BEIRUT: “I can’t even bear my shadow!” cries Edward at the opening of “Shesh Besh,” a new play from writers Fouad Yammine, Marylise Aad and Elie Youssef. “I will pack it in my suitcase and get rid of it.”
The despairing protagonist heads to a trash collector to get rid of his shadow, thus setting in train an eventful journey. The suitcase holding his shadow moves from the garbage man to a trader who deals in shadows, finally ending up in the hands of an appealing young lady.
Debuting at the Sunflower Theater Thursday, the whimsical play satirizes contemporary society underneath its fantastical facade.
On tracking down the trash collector, Edward hears his tragic love story. It transpires that the object of the trash collector’s affection admired his shadow even more, eventually eloping with it. Hearing this story, Edward decides that this heart-broken man is the suitable person to relieve him of his burden.
After Edward’s departure, the garbage man is stunned by the reappearance of his own shadow. They both travel to the shadow market where people buy and sell shades, exchanging unsuitable shadows for fitting ones.
There, the trash collector and his shadow hand the suitcase over to a merchant of shadows in exchange for trash. Fantastic dancing shows and projected images make this a particularly spectacular sequence, as the merchant controls and manipulates the shadows he owns.
The merchant presents Edward’s shadow to his beloved lady, who turns out to be the very same one who the trash collector adores. The young woman, it seems, is a serial lover of shadows, swiftly tiring of each one and using it to adorn a chandelier dangling in her room.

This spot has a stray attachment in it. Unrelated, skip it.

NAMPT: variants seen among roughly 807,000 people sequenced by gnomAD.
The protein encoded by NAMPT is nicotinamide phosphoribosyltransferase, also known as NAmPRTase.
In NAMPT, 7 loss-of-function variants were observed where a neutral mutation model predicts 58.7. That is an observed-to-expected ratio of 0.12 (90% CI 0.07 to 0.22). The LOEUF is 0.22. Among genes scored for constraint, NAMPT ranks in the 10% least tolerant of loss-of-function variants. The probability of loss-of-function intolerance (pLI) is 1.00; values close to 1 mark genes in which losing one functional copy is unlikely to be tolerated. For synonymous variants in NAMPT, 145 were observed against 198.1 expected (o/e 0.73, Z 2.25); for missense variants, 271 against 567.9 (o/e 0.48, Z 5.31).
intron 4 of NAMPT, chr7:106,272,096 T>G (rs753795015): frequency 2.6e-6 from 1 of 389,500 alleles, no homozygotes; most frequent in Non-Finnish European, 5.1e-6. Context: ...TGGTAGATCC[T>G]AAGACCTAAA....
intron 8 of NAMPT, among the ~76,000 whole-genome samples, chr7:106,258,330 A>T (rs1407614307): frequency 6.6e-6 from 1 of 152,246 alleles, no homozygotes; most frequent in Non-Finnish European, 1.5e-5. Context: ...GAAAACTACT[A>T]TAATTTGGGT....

She feels genuine human love for Edward, who reciprocates her feelings. Ultimately, however, he decides he loves his shadow more. To spare his shadow the woeful destiny of the woman’s macabre collection, Edward packs his shadow in his bag and escapes.
“Shesh Besh” uses satire to tackle the exigencies of contemporary society. The shadow market is a clear indictment of a materialistic world gone mad, where people are prepared to sell their shadows. The compromised principles of these characters are indicated by the fact that they’ve already bought new bodies, noses and voices.
The writers make a point of mocking those who try to hide what they really are in order to keep up public appearances.
After all the eccentric high-jinks of the play, a stylishly executed finale brought the evening to a close. With the help of projections and lighting effects, the cast and crew evoked a throng of flying umbrellas, dancing coffins and mourning shadows.
“Shesh Besh” can be seen March 4-7, 8:30 pm at the Sunflower Theater. For further details, call +961 1 381 290.